Surgery is a high-impact place to reduce waste. In this article, we explore the complex and confronting topic of waste in surgical care and the unignorable price that this comes at. We look for solutions in some of the inspiring initiatives of teams worldwide, helping us balance the books and work together towards a brighter, more sustainable future.
Unused Supplies Waste Millions
The US healthcare system annually generates over 5 million tons of waste . Within a hospital, between 20 and 70% of this can be directly traced back to the operating department [2, 3]. Daily, US operating rooms (ORs) generate up to 2000 tons of waste . For reference, this is the equivalent of over five Boeing 747 jets fully loaded with waste, created every single day. Given the scale of these numbers, it would be understandable to assume that this is a somehow necessary tradeoff to deliver effective modern surgical care. Unfortunately, this is far from the case.
In 2015, a Johns Hopkins team reported that major hospitals across the US collectively throw away at least $15 million a year in unused surgical supplies . As the authors explain, this often stems from the routine practice of bundling surgical materials together in disposable packages in ways designed to streamline convenience and efficiency. Even if all or most items remain unused, once open, everything is discarded after the procedure.
Perfectly good, entirely sterile and, above all, much-needed surgical supplies are routinely discarded in American operating rooms.
– Professor Richard Redett, Director of Plastic and Reconstructive Surgery, Johns Hopkins Hospital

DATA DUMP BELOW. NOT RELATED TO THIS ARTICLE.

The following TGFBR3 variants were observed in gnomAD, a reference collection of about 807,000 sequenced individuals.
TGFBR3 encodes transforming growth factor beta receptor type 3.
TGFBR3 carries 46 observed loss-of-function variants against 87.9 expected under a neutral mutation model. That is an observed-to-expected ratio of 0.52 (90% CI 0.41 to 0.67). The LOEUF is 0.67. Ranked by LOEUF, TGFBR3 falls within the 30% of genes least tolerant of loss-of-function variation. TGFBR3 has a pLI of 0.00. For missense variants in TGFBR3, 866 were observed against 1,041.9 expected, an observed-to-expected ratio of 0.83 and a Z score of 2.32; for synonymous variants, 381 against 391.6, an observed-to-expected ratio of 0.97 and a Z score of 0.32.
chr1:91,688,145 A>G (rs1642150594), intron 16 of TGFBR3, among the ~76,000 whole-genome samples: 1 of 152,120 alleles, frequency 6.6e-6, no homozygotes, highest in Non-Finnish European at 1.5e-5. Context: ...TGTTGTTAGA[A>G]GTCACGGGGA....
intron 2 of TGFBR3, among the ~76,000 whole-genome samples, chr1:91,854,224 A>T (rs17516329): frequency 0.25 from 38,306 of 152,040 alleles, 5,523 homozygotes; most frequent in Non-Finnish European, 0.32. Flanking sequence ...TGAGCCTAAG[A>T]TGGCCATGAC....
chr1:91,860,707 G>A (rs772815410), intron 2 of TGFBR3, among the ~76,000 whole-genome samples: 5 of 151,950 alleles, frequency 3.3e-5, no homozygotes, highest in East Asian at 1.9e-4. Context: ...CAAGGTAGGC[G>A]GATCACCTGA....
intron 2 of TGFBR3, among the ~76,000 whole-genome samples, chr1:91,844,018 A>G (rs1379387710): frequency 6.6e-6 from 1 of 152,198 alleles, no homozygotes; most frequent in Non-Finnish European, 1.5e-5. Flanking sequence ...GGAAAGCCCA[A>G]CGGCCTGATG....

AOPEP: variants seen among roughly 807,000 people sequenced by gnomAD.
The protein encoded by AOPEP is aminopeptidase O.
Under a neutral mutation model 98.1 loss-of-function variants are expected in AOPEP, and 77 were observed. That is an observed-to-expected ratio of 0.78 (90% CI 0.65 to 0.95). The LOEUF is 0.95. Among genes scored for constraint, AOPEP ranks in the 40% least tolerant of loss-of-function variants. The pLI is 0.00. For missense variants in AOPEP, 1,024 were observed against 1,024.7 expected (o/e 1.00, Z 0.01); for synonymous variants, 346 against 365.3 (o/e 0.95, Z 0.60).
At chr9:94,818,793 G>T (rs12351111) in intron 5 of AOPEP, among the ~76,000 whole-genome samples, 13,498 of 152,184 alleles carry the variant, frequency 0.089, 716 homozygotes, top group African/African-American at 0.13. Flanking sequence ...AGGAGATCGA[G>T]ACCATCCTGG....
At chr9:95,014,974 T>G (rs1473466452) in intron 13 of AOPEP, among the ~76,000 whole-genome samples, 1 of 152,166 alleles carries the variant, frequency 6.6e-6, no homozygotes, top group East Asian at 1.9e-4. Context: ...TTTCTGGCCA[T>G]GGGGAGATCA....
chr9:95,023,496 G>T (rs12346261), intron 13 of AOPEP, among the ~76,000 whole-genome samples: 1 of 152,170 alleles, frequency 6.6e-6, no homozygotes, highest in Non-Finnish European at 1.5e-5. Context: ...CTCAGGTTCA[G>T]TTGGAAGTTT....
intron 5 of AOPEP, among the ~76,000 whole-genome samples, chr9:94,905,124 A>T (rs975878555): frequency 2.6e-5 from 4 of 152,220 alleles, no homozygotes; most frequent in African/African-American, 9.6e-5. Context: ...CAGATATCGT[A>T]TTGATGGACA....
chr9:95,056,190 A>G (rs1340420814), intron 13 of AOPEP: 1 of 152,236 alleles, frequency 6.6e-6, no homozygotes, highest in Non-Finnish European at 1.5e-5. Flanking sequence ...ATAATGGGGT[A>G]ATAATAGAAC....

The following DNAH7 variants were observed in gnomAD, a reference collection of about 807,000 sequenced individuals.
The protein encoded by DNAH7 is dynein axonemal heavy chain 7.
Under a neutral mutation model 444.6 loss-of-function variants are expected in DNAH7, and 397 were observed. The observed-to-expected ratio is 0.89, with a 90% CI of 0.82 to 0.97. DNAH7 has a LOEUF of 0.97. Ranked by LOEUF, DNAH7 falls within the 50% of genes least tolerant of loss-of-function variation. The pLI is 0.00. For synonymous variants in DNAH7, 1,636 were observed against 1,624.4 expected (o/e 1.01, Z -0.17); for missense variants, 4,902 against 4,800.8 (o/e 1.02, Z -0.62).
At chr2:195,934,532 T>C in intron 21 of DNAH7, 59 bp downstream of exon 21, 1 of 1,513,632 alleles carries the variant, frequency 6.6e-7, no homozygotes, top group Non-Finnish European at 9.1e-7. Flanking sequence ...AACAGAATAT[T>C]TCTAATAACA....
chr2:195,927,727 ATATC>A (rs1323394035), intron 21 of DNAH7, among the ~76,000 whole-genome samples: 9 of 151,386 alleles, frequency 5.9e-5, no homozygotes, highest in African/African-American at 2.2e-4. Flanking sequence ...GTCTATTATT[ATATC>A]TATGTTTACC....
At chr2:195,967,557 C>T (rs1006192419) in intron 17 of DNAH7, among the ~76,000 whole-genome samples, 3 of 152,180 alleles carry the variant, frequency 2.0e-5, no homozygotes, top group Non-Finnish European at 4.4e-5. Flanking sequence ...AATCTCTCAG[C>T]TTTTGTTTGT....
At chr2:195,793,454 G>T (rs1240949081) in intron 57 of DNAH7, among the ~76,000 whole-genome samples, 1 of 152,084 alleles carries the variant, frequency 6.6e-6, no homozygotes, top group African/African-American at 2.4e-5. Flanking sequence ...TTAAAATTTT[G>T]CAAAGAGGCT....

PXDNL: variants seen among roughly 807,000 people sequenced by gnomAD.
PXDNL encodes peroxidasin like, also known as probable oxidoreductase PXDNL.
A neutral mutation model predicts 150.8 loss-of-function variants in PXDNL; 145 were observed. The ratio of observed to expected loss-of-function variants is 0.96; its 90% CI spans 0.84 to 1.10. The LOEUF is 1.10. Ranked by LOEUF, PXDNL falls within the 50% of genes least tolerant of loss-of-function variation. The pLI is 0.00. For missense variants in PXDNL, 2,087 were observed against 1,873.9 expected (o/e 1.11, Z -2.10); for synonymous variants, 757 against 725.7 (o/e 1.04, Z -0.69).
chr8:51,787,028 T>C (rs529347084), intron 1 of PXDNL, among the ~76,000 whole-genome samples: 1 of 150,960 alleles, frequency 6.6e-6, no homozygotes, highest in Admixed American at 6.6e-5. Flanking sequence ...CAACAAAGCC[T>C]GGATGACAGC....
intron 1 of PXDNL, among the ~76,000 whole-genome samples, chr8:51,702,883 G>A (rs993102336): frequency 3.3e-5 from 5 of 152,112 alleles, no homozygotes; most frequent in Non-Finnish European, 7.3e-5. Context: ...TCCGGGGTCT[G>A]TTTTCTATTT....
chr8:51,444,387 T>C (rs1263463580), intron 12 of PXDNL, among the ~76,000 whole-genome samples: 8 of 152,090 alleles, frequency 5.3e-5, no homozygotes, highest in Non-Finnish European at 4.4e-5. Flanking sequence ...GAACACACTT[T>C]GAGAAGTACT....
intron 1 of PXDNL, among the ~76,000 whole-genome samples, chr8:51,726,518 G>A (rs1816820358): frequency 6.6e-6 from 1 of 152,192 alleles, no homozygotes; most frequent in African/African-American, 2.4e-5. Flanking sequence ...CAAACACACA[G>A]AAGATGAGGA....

Straight into the Bin
In a recent survey, surgeons estimated that 27% of items opened on the scrub table at the start of surgery remain unused on the table at the end of surgery . These supplies bypass any form of patient contact or surgical utility to go straight in the bin. Waste on this scale comes at a huge cost, both environmentally and economically.
In California, a UCSF team found an average of $653 per procedure was wasted in unused neurosurgical supplies. This represented 13% of their total surgical supply budget, costing the hospital $2.9 million a year .
In the Netherlands, researchers measured the costs of single-use items that were opened but not used in neurointervention . They found that the mean cost of waste was €515.09 per procedure. For very high-cost procedures, such as aneurysmal coiling, this value was as high as €1061.55 per procedure.
In France, a study of general surgical, urologic, and gynecological procedures reported a median cost of €4.1 per procedure for opened but unused supplies . Compared with the two studies cited above, this is likely to reflect the disproportionately high running costs associated with neurological surgery. However, €4.1 per procedure still amounted to 20.1% of the total budget allocated to surgical supplies. The researchers estimated this to create potential savings of €100,000 per year for their hospital.
Once a pack is opened, everything is thrown away — whether it is used or not.
But why are we doing this? Opening something only to throw it away unused is counterintuitive and counterproductive. What can we do to make more informed, sustainable decisions? Across specialties and studies, one recommendation repeatedly emerges for reducing waste in surgical care: education is the key.
How much ..?
Do you know the going price of an endostapler? Or a top-of-the-line total hip prosthesis? A suture? A drape? If not, you’re in the majority. A common finding across this kind of research is that the end-users of surgical supplies generally don't have an accurate idea of what these supplies cost.